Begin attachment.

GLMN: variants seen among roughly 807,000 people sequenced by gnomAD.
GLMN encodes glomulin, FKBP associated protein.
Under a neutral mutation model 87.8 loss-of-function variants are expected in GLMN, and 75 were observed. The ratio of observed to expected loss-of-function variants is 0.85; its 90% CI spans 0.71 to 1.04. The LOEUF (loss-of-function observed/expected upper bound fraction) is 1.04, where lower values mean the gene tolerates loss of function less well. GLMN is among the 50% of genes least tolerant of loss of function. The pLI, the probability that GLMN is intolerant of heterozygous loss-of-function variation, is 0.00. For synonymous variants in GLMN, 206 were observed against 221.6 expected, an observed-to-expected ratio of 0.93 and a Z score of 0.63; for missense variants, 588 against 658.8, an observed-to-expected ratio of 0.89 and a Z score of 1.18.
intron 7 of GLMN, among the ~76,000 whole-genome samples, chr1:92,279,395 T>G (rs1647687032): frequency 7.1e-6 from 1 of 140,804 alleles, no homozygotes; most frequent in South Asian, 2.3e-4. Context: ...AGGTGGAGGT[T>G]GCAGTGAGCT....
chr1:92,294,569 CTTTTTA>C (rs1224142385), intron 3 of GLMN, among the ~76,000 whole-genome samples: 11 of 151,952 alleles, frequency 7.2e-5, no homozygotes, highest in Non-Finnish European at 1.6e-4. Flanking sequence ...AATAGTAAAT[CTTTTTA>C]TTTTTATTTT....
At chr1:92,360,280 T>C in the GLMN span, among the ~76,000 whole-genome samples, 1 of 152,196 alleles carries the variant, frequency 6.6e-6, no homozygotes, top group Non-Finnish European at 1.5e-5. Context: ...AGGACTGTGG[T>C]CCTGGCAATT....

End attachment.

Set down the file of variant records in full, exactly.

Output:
GLMN: variants seen among roughly 807,000 people sequenced by gnomAD.
GLMN encodes glomulin, FKBP associated protein.
Under a neutral mutation model 87.8 loss-of-function variants are expected in GLMN, and 75 were observed. The ratio of observed to expected loss-of-function variants is 0.85; its 90% CI spans 0.71 to 1.04. The LOEUF (loss-of-function observed/expected upper bound fraction) is 1.04, where lower values mean the gene tolerates loss of function less well. GLMN is among the 50% of genes least tolerant of loss of function. The pLI, the probability that GLMN is intolerant of heterozygous loss-of-function variation, is 0.00. For synonymous variants in GLMN, 206 were observed against 221.6 expected, an observed-to-expected ratio of 0.93 and a Z score of 0.63; for missense variants, 588 against 658.8, an observed-to-expected ratio of 0.89 and a Z score of 1.18.
intron 7 of GLMN, among the ~76,000 whole-genome samples, chr1:92,279,395 T>G (rs1647687032): frequency 7.1e-6 from 1 of 140,804 alleles, no homozygotes; most frequent in South Asian, 2.3e-4. Context: ...AGGTGGAGGT[T>G]GCAGTGAGCT....
chr1:92,294,569 CTTTTTA>C (rs1224142385), intron 3 of GLMN, among the ~76,000 whole-genome samples: 11 of 151,952 alleles, frequency 7.2e-5, no homozygotes, highest in Non-Finnish European at 1.6e-4. Flanking sequence ...AATAGTAAAT[CTTTTTA>C]TTTTTATTTT....
At chr1:92,360,280 T>C in the GLMN span, among the ~76,000 whole-genome samples, 1 of 152,196 alleles carries the variant, frequency 6.6e-6, no homozygotes, top group Non-Finnish European at 1.5e-5. Context: ...AGGACTGTGG[T>C]CCTGGCAATT....